Sunday, July 24, 2005

Mark Helprin

I saw Mark Helprin at a book signing at the Tattered Cover bookstore in Cherry Creek last Thursday. I've read two of his books, Winter's Tale and A Soldier of the Great War. A few of his books are considered literary masterpieces. I felt like I was sitting in the same room with Charles Dickens or Herman Melville; it was truly awesome.

He filled the evening by telling roughly twenty or so stories. He could have gone another hour and nobody in the audience would have flinched. His stories generally involved language in some way (which isn't surprising if you've read his stories and understand how incredible his mastery of language is). He said he speaks seven different languages and spoke at least four to us. He alluded to The Odyssey, Dante's Inferno, Don Quixote, and other stories like he had memorized them. He joked around a lot. It was kind of like I imagine being in a room with George Burns - I'd be nervous to be alone with him because he's so sharp it's almost scary.

He grew up on 1,000 acres of forest next to the Hudson River in New York; in his words, "1,000 acres of birds." His father worked directly for Samuel Goldwyn in the film business. Mr. Helprin said his parents didn't drive him to play groups or really socialize him so he grew up walking around the forest thinking. He said that being around other people made him really uncomfortable, so he would tell stories as a sort of mask.

When he was 17 years old, he went to France with a female classmate. He was going to meet her in a city and decided to try and impress her by arriving on a motorcycle "James Dean" style. So even though he'd never ridden a motorcycle before, he rented one and drove to the city. Just before he got there, he flipped the bike going about 40 miles per hour and it landed on him critically injuring him. He had internal injuries and a head injury that almost killed him. He was attended to on a U.S. Navy ship on its way to Barcelona. In Barcelona, he ended up in a seedy hotel, bandaged up with little medication. He said he thought he was going to die there.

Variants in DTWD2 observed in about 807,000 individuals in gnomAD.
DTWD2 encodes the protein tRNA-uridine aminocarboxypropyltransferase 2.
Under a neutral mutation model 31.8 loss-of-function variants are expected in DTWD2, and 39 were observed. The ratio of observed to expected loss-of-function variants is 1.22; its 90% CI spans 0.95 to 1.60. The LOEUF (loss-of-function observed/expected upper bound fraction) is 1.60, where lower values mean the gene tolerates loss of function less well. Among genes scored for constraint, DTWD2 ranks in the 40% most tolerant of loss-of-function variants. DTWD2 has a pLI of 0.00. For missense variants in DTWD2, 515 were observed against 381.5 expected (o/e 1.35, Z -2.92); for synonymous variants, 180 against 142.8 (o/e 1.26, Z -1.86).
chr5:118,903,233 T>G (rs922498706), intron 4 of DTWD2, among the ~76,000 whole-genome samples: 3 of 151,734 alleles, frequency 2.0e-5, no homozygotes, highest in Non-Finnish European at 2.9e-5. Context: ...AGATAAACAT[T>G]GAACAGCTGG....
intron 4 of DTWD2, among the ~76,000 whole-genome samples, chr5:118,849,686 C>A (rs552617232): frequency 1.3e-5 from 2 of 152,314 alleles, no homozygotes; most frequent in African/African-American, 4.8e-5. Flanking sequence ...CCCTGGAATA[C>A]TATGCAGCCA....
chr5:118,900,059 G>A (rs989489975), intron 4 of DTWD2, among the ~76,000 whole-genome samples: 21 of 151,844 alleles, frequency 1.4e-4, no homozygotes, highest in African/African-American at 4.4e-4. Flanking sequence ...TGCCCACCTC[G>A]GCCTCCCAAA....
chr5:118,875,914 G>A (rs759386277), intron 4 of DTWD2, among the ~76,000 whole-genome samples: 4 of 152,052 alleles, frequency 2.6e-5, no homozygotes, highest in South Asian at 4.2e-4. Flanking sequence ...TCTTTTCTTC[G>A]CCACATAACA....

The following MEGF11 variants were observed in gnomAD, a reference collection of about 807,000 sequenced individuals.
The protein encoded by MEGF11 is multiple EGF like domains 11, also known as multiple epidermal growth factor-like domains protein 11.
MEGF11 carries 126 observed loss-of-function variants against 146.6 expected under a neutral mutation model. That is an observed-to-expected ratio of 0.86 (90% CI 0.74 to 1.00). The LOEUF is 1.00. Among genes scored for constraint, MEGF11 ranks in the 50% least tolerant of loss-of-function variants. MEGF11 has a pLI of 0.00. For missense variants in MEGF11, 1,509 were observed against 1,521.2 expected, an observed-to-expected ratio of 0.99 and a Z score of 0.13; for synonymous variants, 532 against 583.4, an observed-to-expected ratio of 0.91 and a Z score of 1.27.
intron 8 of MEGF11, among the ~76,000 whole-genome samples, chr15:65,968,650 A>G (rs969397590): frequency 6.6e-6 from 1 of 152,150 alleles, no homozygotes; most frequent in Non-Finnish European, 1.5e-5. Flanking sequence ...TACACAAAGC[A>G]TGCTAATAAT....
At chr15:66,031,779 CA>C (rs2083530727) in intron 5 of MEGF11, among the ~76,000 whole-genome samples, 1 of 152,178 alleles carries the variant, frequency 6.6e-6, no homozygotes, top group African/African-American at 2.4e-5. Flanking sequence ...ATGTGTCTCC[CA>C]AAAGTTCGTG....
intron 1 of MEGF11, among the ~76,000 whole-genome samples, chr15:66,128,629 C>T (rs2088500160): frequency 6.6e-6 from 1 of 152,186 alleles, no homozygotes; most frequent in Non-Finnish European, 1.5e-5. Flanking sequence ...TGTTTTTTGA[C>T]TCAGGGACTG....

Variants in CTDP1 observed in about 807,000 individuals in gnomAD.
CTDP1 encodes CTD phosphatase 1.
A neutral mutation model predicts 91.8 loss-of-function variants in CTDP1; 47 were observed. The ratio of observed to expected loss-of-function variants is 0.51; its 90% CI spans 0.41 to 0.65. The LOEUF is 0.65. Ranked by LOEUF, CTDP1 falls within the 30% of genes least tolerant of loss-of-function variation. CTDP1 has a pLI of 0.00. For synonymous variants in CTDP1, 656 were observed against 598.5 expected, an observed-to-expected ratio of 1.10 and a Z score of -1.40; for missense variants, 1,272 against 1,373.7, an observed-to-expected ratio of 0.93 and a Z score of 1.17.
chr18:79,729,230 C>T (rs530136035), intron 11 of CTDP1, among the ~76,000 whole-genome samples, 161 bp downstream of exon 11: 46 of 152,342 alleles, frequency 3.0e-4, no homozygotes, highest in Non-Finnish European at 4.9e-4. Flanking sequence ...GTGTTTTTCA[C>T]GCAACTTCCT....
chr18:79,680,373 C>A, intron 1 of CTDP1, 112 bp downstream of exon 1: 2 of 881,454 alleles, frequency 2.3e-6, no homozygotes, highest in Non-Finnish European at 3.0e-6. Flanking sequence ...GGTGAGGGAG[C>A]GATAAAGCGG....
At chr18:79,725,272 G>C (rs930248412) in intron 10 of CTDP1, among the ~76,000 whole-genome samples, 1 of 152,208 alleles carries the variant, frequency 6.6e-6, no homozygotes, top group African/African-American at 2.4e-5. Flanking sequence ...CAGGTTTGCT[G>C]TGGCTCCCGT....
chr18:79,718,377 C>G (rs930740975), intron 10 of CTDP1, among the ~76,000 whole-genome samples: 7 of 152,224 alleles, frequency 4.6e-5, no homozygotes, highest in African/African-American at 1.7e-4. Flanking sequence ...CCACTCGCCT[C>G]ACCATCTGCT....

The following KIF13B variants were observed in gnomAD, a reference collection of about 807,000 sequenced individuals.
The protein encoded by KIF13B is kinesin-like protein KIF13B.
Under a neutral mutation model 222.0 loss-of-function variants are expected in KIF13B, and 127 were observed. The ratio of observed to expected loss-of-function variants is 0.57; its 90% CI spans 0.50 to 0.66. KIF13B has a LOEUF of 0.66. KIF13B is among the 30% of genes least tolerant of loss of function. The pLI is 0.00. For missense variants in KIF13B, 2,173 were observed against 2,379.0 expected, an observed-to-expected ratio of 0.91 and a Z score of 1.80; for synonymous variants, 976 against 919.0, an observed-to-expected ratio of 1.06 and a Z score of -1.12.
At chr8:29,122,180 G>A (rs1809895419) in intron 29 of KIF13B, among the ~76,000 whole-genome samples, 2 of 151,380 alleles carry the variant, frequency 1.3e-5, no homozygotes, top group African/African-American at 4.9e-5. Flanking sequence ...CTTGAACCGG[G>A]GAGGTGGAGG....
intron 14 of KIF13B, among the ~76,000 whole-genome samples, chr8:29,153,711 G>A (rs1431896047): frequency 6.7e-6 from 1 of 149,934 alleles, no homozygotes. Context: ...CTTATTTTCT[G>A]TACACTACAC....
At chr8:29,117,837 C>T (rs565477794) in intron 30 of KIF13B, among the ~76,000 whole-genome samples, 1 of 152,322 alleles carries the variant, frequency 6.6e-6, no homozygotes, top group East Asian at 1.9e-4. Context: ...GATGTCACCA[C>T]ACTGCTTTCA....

One night around three in the morning, he instantly awoke and all of his pain was gone. Not only that, but he had realized that his head pain was gone and that he'd been dealing with it literally his whole life. There was a nightstand next to his bed with a pen and pad of paper. He wrote down a description of an ancient cathedral that was converted from a Muslim mosque into a Roman-Catholic church. He said he woke in the morning, read what he had written, and couldn't believe the writing that he'd done; that it was something his professors or professional writers would write and not something that could be conjured up by a 17 year old boy. He said from that day on he was a writer. He said, "blame it all on a brain injury!" Incredible.

Mr. Helprin is truly a Great man. His views on our world are interesting to say the least. Though I find his opinions hard to swallow, I seek them out as diverse information points. Check out the following links if you're interested: WSJ opinion and the National Review.

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